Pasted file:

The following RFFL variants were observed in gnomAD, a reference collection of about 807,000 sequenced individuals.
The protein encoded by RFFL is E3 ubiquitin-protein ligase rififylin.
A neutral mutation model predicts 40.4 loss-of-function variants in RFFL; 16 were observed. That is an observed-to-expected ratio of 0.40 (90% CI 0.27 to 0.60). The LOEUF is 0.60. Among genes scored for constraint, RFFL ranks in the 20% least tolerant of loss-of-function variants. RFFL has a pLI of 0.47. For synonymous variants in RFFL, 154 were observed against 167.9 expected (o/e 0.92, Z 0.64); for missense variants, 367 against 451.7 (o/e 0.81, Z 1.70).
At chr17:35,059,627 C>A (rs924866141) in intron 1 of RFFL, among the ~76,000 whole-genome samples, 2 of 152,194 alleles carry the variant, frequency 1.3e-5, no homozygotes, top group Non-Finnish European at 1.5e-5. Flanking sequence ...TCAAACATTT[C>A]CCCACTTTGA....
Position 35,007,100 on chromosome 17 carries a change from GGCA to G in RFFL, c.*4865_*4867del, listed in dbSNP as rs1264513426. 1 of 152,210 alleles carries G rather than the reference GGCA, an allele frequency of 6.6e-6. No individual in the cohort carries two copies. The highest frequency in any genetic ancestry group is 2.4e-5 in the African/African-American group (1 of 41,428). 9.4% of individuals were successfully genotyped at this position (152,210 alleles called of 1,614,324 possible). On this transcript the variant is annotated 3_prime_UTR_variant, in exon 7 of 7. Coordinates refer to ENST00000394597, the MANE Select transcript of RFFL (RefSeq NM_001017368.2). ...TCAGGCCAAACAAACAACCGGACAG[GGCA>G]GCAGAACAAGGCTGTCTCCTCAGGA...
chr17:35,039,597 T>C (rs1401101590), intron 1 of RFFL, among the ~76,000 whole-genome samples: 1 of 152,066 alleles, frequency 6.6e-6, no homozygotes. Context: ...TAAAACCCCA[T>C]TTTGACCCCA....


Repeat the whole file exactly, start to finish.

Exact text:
The following RFFL variants were observed in gnomAD, a reference collection of about 807,000 sequenced individuals.
The protein encoded by RFFL is E3 ubiquitin-protein ligase rififylin.
A neutral mutation model predicts 40.4 loss-of-function variants in RFFL; 16 were observed. That is an observed-to-expected ratio of 0.40 (90% CI 0.27 to 0.60). The LOEUF is 0.60. Among genes scored for constraint, RFFL ranks in the 20% least tolerant of loss-of-function variants. RFFL has a pLI of 0.47. For synonymous variants in RFFL, 154 were observed against 167.9 expected (o/e 0.92, Z 0.64); for missense variants, 367 against 451.7 (o/e 0.81, Z 1.70).
At chr17:35,059,627 C>A (rs924866141) in intron 1 of RFFL, among the ~76,000 whole-genome samples, 2 of 152,194 alleles carry the variant, frequency 1.3e-5, no homozygotes, top group Non-Finnish European at 1.5e-5. Flanking sequence ...TCAAACATTT[C>A]CCCACTTTGA....
Position 35,007,100 on chromosome 17 carries a change from GGCA to G in RFFL, c.*4865_*4867del, listed in dbSNP as rs1264513426. 1 of 152,210 alleles carries G rather than the reference GGCA, an allele frequency of 6.6e-6. No individual in the cohort carries two copies. The highest frequency in any genetic ancestry group is 2.4e-5 in the African/African-American group (1 of 41,428). 9.4% of individuals were successfully genotyped at this position (152,210 alleles called of 1,614,324 possible). On this transcript the variant is annotated 3_prime_UTR_variant, in exon 7 of 7. Coordinates refer to ENST00000394597, the MANE Select transcript of RFFL (RefSeq NM_001017368.2). ...TCAGGCCAAACAAACAACCGGACAG[GGCA>G]GCAGAACAAGGCTGTCTCCTCAGGA...
chr17:35,039,597 T>C (rs1401101590), intron 1 of RFFL, among the ~76,000 whole-genome samples: 1 of 152,066 alleles, frequency 6.6e-6, no homozygotes. Context: ...TAAAACCCCA[T>C]TTTGACCCCA....